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Urban Planning

Our Planning Process Is Broken; Street Experiments Can Help

Everyone knows how it goes: A street redesign is proposed to calm traffic. Municipal planners and engineers study the project for years, producing reports detailing its importance for sustainability, congestion reduction and traffic safety. Despite this, the project faces massive backlash at community engagement events, with residents complaining about lost parking and increased congestion. In the end, local politicians cancel the redesign, citing a “lack of social acceptability.” This story is all too common in cities across the U.S. and Canada, and it’s not because of “car culture” or “a lack of advocacy.”

Civic Innovation Is Flourishing In Cities Right Now

This summer, cities around the world are unveiling and expanding new tools and initiatives in the name of civic engagement and digital innovation. From Los Angeles to Lisbon, local governments are testing different models of outreach and participation with the promise of increasing trust and equity in civic processes and institutions. Ranging from online portals to citizen assemblies, the wave of experimentation in policy and design responds to historic levels of distrust and disengagement in government at all levels. The question remains whether these new tools deliver on their promises to effectively bring underrepresented communities into decision-making processes and increase transparency and equity in bureaucratic systems.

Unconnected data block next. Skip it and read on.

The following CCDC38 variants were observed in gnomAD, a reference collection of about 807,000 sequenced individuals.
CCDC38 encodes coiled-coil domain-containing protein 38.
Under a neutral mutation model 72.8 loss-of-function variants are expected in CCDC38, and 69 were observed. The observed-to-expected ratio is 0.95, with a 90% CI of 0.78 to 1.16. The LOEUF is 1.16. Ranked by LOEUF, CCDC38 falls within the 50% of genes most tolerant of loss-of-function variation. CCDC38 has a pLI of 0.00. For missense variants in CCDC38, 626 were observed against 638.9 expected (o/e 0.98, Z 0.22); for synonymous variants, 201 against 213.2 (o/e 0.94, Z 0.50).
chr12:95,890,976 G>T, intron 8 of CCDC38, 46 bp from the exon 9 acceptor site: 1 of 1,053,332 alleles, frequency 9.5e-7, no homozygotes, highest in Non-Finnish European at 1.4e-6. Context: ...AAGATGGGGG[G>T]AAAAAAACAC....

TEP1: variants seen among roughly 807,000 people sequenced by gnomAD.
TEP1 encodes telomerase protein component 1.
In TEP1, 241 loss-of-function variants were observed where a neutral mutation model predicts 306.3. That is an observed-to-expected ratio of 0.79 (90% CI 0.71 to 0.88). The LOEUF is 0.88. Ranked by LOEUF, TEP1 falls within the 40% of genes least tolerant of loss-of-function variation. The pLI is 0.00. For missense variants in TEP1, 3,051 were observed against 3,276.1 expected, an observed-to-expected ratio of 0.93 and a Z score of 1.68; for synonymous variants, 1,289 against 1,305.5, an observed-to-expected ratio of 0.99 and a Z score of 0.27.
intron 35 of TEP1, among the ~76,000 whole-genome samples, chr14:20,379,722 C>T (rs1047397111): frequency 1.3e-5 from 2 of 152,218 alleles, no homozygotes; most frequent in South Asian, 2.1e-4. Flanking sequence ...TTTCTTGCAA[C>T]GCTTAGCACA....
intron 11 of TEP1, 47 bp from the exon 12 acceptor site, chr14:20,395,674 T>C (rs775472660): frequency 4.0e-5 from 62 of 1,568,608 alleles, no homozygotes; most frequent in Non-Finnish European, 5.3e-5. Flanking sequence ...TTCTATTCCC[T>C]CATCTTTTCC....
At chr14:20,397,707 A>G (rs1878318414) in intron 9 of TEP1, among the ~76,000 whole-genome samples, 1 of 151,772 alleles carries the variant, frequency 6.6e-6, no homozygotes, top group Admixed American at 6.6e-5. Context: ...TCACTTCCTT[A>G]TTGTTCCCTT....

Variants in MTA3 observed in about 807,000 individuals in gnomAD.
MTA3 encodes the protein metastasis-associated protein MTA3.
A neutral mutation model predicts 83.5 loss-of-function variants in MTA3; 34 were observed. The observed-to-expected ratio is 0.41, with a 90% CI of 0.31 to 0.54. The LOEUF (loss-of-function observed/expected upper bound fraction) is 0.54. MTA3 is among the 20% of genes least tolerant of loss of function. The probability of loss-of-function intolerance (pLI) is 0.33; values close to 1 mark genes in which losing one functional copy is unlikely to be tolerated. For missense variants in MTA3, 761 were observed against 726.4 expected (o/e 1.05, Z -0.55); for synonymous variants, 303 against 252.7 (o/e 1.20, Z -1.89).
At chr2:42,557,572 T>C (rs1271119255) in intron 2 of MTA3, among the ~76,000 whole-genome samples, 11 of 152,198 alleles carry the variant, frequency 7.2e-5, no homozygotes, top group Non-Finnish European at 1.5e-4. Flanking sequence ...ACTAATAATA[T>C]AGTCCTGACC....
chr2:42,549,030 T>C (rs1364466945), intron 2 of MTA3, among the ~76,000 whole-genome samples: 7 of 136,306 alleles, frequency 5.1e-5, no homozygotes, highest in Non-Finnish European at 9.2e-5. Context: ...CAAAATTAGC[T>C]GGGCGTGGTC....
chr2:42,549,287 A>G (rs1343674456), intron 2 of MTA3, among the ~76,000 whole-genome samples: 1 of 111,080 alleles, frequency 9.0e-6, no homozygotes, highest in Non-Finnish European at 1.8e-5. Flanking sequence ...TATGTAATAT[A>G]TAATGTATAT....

Disaster Recovery Efforts Can Serve More Than One Goal

In the aftermath of last week’s floods, my home state of Vermont faces a daunting path to recovery. Flooding damaged homes and businesses. Roads and bridges washed out, and communities have been cut off from the rest of the state. Vermont has walked this path before, after Tropical Storm Irene, and we are not alone in facing a recovery now. As the climate crisis deepens, more places will be spending more time in recovery mode. Recovery isn’t just a difficult task. It’s also one with lasting consequences. Rebuilt infrastructure will — hopefully — stand for decades to come. Over its lifetime, it will influence climate resilience, carbon emissions, health, well-being and social equity.
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